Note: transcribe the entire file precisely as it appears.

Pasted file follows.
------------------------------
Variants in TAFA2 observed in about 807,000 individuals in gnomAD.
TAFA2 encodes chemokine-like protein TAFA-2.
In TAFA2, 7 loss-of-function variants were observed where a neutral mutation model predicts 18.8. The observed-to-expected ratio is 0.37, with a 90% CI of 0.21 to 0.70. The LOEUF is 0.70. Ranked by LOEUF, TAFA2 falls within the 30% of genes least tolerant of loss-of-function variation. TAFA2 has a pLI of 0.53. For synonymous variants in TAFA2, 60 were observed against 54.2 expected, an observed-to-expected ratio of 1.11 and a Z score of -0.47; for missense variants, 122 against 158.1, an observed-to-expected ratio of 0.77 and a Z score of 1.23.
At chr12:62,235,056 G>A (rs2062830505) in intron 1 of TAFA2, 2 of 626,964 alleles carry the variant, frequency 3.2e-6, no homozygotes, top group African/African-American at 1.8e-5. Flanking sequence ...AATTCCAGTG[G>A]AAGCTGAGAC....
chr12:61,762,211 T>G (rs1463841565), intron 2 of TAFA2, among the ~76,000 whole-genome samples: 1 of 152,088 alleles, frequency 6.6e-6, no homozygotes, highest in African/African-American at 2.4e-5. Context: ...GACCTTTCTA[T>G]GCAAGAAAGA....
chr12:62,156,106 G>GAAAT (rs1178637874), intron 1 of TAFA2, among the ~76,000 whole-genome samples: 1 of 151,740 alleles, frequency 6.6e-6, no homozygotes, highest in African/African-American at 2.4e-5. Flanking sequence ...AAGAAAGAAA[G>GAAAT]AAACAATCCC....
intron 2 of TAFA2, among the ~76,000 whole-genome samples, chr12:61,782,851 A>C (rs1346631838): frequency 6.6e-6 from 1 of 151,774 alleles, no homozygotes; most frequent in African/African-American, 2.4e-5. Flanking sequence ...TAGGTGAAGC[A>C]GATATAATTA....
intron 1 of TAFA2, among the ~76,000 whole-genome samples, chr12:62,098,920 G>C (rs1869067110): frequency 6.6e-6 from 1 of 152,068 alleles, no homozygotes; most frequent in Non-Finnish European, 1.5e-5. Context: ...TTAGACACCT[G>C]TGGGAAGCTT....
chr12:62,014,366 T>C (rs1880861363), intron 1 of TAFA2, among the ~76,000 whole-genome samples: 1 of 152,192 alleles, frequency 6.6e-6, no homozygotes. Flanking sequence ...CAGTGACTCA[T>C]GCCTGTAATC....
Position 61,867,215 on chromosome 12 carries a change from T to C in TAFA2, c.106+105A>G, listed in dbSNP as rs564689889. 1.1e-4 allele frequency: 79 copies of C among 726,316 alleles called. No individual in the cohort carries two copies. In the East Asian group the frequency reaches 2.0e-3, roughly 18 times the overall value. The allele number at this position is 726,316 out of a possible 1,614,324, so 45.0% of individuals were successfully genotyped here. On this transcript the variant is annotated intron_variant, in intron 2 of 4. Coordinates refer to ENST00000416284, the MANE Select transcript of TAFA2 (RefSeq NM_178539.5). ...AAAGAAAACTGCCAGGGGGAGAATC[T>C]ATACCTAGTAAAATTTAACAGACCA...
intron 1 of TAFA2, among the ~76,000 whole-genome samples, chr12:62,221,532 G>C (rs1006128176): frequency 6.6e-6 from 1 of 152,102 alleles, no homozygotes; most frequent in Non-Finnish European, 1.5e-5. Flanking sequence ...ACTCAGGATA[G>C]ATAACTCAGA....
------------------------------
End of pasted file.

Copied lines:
Variants in TAFA2 observed in about 807,000 individuals in gnomAD.
TAFA2 encodes chemokine-like protein TAFA-2.
In TAFA2, 7 loss-of-function variants were observed where a neutral mutation model predicts 18.8. The observed-to-expected ratio is 0.37, with a 90% CI of 0.21 to 0.70. The LOEUF is 0.70. Ranked by LOEUF, TAFA2 falls within the 30% of genes least tolerant of loss-of-function variation. TAFA2 has a pLI of 0.53. For synonymous variants in TAFA2, 60 were observed against 54.2 expected, an observed-to-expected ratio of 1.11 and a Z score of -0.47; for missense variants, 122 against 158.1, an observed-to-expected ratio of 0.77 and a Z score of 1.23.
At chr12:62,235,056 G>A (rs2062830505) in intron 1 of TAFA2, 2 of 626,964 alleles carry the variant, frequency 3.2e-6, no homozygotes, top group African/African-American at 1.8e-5. Flanking sequence ...AATTCCAGTG[G>A]AAGCTGAGAC....
chr12:61,762,211 T>G (rs1463841565), intron 2 of TAFA2, among the ~76,000 whole-genome samples: 1 of 152,088 alleles, frequency 6.6e-6, no homozygotes, highest in African/African-American at 2.4e-5. Context: ...GACCTTTCTA[T>G]GCAAGAAAGA....
chr12:62,156,106 G>GAAAT (rs1178637874), intron 1 of TAFA2, among the ~76,000 whole-genome samples: 1 of 151,740 alleles, frequency 6.6e-6, no homozygotes, highest in African/African-American at 2.4e-5. Flanking sequence ...AAGAAAGAAA[G>GAAAT]AAACAATCCC....
intron 2 of TAFA2, among the ~76,000 whole-genome samples, chr12:61,782,851 A>C (rs1346631838): frequency 6.6e-6 from 1 of 151,774 alleles, no homozygotes; most frequent in African/African-American, 2.4e-5. Flanking sequence ...TAGGTGAAGC[A>C]GATATAATTA....
intron 1 of TAFA2, among the ~76,000 whole-genome samples, chr12:62,098,920 G>C (rs1869067110): frequency 6.6e-6 from 1 of 152,068 alleles, no homozygotes; most frequent in Non-Finnish European, 1.5e-5. Context: ...TTAGACACCT[G>C]TGGGAAGCTT....
chr12:62,014,366 T>C (rs1880861363), intron 1 of TAFA2, among the ~76,000 whole-genome samples: 1 of 152,192 alleles, frequency 6.6e-6, no homozygotes. Flanking sequence ...CAGTGACTCA[T>C]GCCTGTAATC....
Position 61,867,215 on chromosome 12 carries a change from T to C in TAFA2, c.106+105A>G, listed in dbSNP as rs564689889. 1.1e-4 allele frequency: 79 copies of C among 726,316 alleles called. No individual in the cohort carries two copies. In the East Asian group the frequency reaches 2.0e-3, roughly 18 times the overall value. The allele number at this position is 726,316 out of a possible 1,614,324, so 45.0% of individuals were successfully genotyped here. On this transcript the variant is annotated intron_variant, in intron 2 of 4. Coordinates refer to ENST00000416284, the MANE Select transcript of TAFA2 (RefSeq NM_178539.5). ...AAAGAAAACTGCCAGGGGGAGAATC[T>C]ATACCTAGTAAAATTTAACAGACCA...
intron 1 of TAFA2, among the ~76,000 whole-genome samples, chr12:62,221,532 G>C (rs1006128176): frequency 6.6e-6 from 1 of 152,102 alleles, no homozygotes; most frequent in Non-Finnish European, 1.5e-5. Flanking sequence ...ACTCAGGATA[G>C]ATAACTCAGA....